If you sign an installer, executable file, or other code with an expired code signing certificate, it will not be trusted by users’ operating systems. You should renew your code signing certificate with your certificate authority (CA) before it expires.
If you timestamp your code when you sign it, the code will be trusted after the certificate expires. If you do not timestamp your code, the digital signature will expire along with the certificate, and your code will no longer be trusted. Therefore, it’s a good idea to timestamp your code when you sign it. Please read Using Your Code Signing Certificate for information on how to timestamp your code when signing.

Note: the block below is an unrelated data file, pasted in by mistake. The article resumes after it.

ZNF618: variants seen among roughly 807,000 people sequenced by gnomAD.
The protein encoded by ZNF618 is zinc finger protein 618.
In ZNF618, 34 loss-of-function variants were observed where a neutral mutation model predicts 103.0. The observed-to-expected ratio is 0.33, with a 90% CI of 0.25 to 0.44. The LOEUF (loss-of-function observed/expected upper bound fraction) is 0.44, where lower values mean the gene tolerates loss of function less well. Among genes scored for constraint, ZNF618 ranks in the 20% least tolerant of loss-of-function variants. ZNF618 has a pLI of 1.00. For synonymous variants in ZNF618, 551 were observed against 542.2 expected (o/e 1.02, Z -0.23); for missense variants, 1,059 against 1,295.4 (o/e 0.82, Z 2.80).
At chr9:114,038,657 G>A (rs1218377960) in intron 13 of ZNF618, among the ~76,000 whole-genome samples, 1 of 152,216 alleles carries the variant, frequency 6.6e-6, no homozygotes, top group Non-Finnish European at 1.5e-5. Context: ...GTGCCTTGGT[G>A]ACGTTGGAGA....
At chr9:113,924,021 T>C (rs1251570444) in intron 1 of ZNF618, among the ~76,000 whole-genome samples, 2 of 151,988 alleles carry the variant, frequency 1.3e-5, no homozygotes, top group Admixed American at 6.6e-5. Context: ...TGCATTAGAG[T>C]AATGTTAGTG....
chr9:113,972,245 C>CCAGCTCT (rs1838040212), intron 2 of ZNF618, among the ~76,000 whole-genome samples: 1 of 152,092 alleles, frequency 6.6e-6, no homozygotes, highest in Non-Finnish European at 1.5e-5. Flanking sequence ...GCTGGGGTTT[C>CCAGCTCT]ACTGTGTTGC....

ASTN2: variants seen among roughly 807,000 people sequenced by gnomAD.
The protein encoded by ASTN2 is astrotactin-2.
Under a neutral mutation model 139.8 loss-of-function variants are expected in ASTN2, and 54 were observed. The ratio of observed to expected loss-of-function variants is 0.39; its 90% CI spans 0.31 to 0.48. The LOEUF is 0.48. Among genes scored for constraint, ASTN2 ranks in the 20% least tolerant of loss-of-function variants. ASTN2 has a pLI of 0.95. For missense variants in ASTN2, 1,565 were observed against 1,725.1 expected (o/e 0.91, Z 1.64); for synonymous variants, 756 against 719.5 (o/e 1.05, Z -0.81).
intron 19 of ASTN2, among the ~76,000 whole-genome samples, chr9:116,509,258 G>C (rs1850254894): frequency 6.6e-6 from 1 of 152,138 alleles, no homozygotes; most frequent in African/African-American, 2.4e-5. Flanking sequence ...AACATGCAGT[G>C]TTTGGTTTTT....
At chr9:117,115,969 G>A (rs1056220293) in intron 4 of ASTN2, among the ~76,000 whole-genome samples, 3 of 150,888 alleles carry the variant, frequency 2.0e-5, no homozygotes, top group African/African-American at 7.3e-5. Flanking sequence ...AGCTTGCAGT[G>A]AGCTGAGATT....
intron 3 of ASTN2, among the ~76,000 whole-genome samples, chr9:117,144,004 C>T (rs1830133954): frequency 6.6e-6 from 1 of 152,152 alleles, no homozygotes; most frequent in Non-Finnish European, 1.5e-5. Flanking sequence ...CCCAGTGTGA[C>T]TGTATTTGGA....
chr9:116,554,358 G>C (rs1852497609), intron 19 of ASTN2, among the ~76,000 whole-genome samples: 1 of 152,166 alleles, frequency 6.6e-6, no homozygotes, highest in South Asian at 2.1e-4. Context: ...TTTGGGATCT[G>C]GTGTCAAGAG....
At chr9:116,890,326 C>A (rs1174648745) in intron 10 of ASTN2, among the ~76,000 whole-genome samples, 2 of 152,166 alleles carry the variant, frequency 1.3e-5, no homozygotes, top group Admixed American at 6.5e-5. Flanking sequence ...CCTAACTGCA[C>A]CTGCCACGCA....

The answer depends on the type of code signing certificate you have:
• Extended Validation (EV) code signing certificates get an automatic SmartScreen reputation boost from Windows, so you should not get SmartScreen warnings after renewing an EV code signing certificate.
• If you have a standard Organization Validation (OV) and Individual Validation (IV) code signing certificate, you will likely need to go through a period of rebuilding the renewed certificate’s SmartScreen reputation before your code is widely trusted on Windows systems.